It’s Christmas morning and vet Claire Hill has brought her dog Maisie to work. 

The super-friendly Australian Kelpie cross is a regular at the Vets Now Hospital in Whitefield, Manchester, but this visit has an extra special dash of festive sparkle. 

A tiny Chihuahua had been in a coma for days after hitting his head from taking a tumble off the back of the sofa. But, in a little Christmas miracle, he woke up on the big morning and Claire called the owners to come in and see him. 

“I had Maisie in her Christmas outfit and bandana to bring a bit more cheer and it was such a special moment to see the owners reunited with their dog,” says Claire, lead out-of-hours vet at the busy hospital. 

“The little thing wasn’t out of the woods yet, but we hadn’t known if he was ever going to wake up. The owners’ faces of relief and joy will always stay with me.” 

Claire Hill

Claire has been a vet for almost 10 years, spending seven of them in the frontline of drama at Vets Now, the UK’s leading pet emergency service. Every one of them has seen her clock in for festive shifts, and she wouldn’t have it any other way. 

“I honestly look forward to being in at Christmas – they are like normal shifts zoomed up,” says Claire. “There are more patients and an awful lot more emotions. 

“Nobody wants to be at the vets at Christmas, so you get the sicker patients and it’s full of highs and lows. They are definitely the most rewarding shifts.” 

The Manchester Hospital is one of more than 60 Vets Now hospitals and clinics open to deal with festive emergencies when vet practices across the country shut up shop for Christmas for a much-needed break.  

There are now 20 million pet cats and dogs in the UK and a third of them will experience an emergency this festive season, with Vets Now seeing a 79% rise in cases around Christmas and New Year.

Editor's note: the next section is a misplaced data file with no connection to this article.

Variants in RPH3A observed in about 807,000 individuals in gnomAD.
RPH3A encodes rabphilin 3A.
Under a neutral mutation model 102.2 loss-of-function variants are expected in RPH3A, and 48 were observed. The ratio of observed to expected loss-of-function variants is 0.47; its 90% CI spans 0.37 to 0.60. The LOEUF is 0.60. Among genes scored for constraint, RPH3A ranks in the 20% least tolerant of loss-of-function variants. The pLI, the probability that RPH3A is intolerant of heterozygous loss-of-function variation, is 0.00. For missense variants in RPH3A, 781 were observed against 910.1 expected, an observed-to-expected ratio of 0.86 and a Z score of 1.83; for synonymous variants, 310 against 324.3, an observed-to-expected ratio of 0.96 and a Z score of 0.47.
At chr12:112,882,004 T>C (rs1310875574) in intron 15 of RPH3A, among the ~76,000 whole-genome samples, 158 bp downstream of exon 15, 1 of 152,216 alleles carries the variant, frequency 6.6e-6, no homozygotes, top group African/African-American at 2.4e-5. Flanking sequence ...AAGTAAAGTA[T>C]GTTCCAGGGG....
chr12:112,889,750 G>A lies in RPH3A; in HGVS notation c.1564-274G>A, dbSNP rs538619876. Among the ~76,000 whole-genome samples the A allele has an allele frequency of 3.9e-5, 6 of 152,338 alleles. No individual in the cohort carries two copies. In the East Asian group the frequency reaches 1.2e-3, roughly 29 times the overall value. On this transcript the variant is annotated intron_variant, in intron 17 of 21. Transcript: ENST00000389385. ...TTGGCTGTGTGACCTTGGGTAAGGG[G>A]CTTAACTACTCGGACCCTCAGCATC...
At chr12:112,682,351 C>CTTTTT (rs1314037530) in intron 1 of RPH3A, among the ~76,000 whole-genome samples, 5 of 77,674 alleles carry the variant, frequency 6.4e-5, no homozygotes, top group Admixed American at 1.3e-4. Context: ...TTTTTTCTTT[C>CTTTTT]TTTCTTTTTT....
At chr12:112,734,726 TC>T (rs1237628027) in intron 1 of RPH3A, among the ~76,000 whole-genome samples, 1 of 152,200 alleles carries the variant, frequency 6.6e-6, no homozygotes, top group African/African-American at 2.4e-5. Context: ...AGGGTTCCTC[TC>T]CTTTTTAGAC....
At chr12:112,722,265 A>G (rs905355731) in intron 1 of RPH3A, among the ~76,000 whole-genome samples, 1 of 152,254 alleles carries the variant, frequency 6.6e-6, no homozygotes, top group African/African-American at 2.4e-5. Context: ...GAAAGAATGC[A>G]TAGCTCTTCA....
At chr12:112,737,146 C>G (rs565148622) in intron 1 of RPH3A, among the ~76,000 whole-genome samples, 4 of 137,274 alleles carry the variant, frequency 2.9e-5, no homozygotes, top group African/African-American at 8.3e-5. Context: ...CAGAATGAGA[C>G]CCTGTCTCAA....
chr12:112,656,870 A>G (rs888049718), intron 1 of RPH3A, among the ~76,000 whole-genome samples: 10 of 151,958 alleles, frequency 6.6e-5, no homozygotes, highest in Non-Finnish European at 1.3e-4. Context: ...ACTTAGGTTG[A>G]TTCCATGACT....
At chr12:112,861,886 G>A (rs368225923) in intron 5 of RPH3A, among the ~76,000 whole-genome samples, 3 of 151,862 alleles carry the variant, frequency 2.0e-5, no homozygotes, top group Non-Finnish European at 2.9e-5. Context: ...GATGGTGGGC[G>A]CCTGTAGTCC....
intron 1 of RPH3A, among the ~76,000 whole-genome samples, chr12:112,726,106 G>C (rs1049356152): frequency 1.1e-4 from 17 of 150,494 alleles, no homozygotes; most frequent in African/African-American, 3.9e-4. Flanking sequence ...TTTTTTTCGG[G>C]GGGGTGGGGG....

They include all the “usual” accidents and illnesses, but the frontline vets, nurses and animal care assistants are, as ever, bracing themselves for the festive fallout. 

Last year 958 dogs ate chocolate, lovely to us, poisonous to them, while another 667 scoffed similarly hazardous mince pies. 

Then there were the emergency dashes after too-close encounters with tinsel, advent calendars and Christmas puddings. 

“You absolutely don’t know what will come through the door,” said Claire. “But what I’ve always loved about emergency medicine is that you can get answers quickly, give treatment quickly and really make a difference in one shift. 

“You’re there for people in their worst moments and that’s a real privilege.” 

Claire will be on shift from 7am on Christmas Day and she knows she’ll have 20 to 30 in-patients to look after. 

This year she’ll be one of the two vets caring for them, with another two seeing the constant flow of new arrivals. She’ll be monitoring those in the intensive care unit, checking on treatments and updating the owners. 

“I always try and take a little video so they can see their pet,” said Claire. “It’s hard being away from family at Christmas and people obviously see their pets as family.” 

With party hats and Christmas music always playing, there’s an undoubted festive feel at the hospital. 

But for Claire and the rest of the team, the non-stop action means quick snacks, not a proper Christmas lunch, with their own family get-togethers happening before or after the big day. 

While they frequently turn disaster into relief and delight, Claire is also there for the occasions when nothing can be done. 

“Doing everything we can to make those tough moments as good as they can be for the owners is the best gift we can give,” she adds. 

“At the end of the day, I’ll leave with a smile or maybe a little tear, but either way Christmas is a wonderful time to be a vet.”